Gender and the world of work: a multifaceted relationship
Congratulations! You have come to the end of the first chapter. In this chapter, we presented a number of topics that helped us understand the role of gender in labour markets.
The following concept map looks at the key notions we worked on and discussed, and to which we will return in the next chapters. You first explored the notion of gendered labour markets, which allowed us to challenge the premise that labour markets are neutral institutions. In fact, the gender roles, norms and relations present in society have a powerful influence on the way labour markets are shaped.
Concept map describing the notions discussed in the first chapter of this online course.
Gender roles, stereotypes and expectations divide labour along gender lines. This division organises the labour market. To be aware of it is central: with this division in mind, you can start to analyse the distinction between productive and reproductive and between paid and unpaid work.
Taking all of this into account is key to addressing several inequalities and gaps (particularly between women and men) in labour markets. Using a gender perspective allows us to understand the different ways in which female and male workers enter the economic sphere. In this sense, we presented the concept of segregation in the labour market. As we saw, there are different types of segregation (occupational, horizontal and vertical), which is why women mostly end up in irregular and informal jobs, of lower quality and lower status. By paying special attention to the informal sector, we were also able to see how workers – and in particular female workers – in the sector are exposed to precarious and vulnerable conditions.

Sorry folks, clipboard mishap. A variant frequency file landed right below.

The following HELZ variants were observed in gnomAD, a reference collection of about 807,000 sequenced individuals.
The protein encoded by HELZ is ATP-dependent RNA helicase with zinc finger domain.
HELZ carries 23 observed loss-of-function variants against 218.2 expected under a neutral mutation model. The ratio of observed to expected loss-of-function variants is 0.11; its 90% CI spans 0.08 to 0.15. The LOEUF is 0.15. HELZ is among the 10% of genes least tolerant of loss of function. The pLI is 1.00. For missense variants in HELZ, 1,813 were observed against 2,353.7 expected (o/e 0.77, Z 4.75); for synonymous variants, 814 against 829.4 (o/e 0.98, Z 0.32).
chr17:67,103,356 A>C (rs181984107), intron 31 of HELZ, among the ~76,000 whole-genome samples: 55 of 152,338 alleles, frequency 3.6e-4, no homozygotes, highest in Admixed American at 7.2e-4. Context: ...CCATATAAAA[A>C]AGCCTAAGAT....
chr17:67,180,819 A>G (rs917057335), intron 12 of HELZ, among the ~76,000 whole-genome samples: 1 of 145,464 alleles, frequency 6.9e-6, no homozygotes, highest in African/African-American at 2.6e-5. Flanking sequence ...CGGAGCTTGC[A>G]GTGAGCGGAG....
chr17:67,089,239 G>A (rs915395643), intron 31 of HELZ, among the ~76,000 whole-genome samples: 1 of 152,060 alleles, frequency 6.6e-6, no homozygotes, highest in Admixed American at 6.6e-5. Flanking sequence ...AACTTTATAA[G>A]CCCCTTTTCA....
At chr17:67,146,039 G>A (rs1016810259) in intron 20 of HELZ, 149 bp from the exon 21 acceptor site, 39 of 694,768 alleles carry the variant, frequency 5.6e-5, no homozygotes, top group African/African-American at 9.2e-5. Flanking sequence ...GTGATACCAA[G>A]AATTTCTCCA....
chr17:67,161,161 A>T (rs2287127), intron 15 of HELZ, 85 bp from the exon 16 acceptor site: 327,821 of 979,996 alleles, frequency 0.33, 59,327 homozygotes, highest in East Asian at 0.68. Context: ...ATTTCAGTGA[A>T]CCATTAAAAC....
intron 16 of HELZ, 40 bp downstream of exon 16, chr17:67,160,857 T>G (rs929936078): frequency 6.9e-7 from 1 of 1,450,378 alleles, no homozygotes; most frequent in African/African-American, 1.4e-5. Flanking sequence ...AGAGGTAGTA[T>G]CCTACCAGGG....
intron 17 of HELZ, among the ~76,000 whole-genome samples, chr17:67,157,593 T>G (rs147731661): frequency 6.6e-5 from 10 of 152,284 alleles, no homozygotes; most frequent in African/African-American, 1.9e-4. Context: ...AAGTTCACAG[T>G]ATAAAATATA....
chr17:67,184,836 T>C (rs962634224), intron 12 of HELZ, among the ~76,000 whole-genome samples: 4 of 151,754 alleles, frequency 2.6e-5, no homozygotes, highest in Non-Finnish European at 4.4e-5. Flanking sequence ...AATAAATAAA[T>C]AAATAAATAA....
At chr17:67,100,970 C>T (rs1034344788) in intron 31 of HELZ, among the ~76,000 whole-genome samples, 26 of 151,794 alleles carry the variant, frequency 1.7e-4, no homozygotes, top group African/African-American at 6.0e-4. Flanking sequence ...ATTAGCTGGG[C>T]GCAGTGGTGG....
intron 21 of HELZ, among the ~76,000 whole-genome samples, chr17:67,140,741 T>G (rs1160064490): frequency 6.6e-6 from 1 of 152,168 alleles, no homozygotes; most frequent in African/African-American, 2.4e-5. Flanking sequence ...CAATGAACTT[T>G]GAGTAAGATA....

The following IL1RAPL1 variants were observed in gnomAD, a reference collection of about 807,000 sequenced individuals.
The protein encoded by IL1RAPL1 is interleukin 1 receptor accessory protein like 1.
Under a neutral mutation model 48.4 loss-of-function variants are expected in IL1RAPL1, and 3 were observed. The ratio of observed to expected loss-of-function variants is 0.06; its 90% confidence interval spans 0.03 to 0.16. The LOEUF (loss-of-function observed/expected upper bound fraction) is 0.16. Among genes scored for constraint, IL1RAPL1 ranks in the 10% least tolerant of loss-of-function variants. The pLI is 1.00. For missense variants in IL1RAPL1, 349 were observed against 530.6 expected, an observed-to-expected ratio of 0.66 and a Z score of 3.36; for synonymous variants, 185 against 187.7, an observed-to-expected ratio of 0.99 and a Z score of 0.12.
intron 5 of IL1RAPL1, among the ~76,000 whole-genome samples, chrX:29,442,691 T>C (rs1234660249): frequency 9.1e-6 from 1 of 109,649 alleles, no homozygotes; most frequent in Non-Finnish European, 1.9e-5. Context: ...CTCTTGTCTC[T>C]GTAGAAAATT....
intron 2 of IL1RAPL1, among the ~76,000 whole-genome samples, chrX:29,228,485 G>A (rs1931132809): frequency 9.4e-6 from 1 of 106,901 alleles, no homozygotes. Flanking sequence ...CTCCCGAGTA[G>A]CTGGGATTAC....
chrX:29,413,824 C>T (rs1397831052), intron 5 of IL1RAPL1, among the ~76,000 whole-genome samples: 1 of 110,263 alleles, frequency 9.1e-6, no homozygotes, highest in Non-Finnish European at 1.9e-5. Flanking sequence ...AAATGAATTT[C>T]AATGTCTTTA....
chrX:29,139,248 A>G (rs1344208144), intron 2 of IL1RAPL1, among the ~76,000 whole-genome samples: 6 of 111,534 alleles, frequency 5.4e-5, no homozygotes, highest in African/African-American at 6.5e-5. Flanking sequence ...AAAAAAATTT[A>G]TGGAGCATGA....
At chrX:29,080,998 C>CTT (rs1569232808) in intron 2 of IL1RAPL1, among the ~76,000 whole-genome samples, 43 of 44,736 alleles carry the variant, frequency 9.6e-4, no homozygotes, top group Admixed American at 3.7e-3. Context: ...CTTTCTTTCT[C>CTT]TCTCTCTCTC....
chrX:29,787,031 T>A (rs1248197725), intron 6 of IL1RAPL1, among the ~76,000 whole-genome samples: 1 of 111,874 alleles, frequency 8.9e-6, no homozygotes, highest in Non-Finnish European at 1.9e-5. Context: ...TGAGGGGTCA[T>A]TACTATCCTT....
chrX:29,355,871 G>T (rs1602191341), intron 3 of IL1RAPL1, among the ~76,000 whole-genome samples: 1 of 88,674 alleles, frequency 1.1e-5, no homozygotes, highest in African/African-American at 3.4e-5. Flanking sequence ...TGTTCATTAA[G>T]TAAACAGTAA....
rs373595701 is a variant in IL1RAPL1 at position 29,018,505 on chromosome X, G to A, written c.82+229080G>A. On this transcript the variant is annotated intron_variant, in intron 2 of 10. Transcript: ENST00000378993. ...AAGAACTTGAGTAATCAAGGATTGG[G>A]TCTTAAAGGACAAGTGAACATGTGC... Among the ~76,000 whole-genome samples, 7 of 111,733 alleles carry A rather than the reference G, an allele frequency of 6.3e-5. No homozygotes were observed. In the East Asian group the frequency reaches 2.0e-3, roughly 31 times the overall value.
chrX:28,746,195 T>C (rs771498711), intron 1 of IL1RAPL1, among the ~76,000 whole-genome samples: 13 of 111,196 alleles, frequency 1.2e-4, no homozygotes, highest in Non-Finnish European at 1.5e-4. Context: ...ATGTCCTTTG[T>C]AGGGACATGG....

Persisting gender stereotypes and gender hierarchies continue to be obstacles to gender equality in labour markets globally. It would be naïve to assume that there are magic recipes to fight the multiple existing inequalities in the world of work. However, transformative public policies (at global, national and local levels) can be a useful tool to address the issue and pursue gender equality.
In the same vein, we also highlighted the relevance of the 2030 Agenda and the United Nations Sustainable Development Goals (SDGs), particularly Goals 5 and 8 (and their corresponding subgoals). Gender equality and decent work are recognised as indispensable components of sustainable development, demonstrating once again the need to adopt a gender lens when addressing discussions around sustainability and labour markets. This perspective must also be considered in the policymaking arena, in order to develop and implement gender-sensitive policies.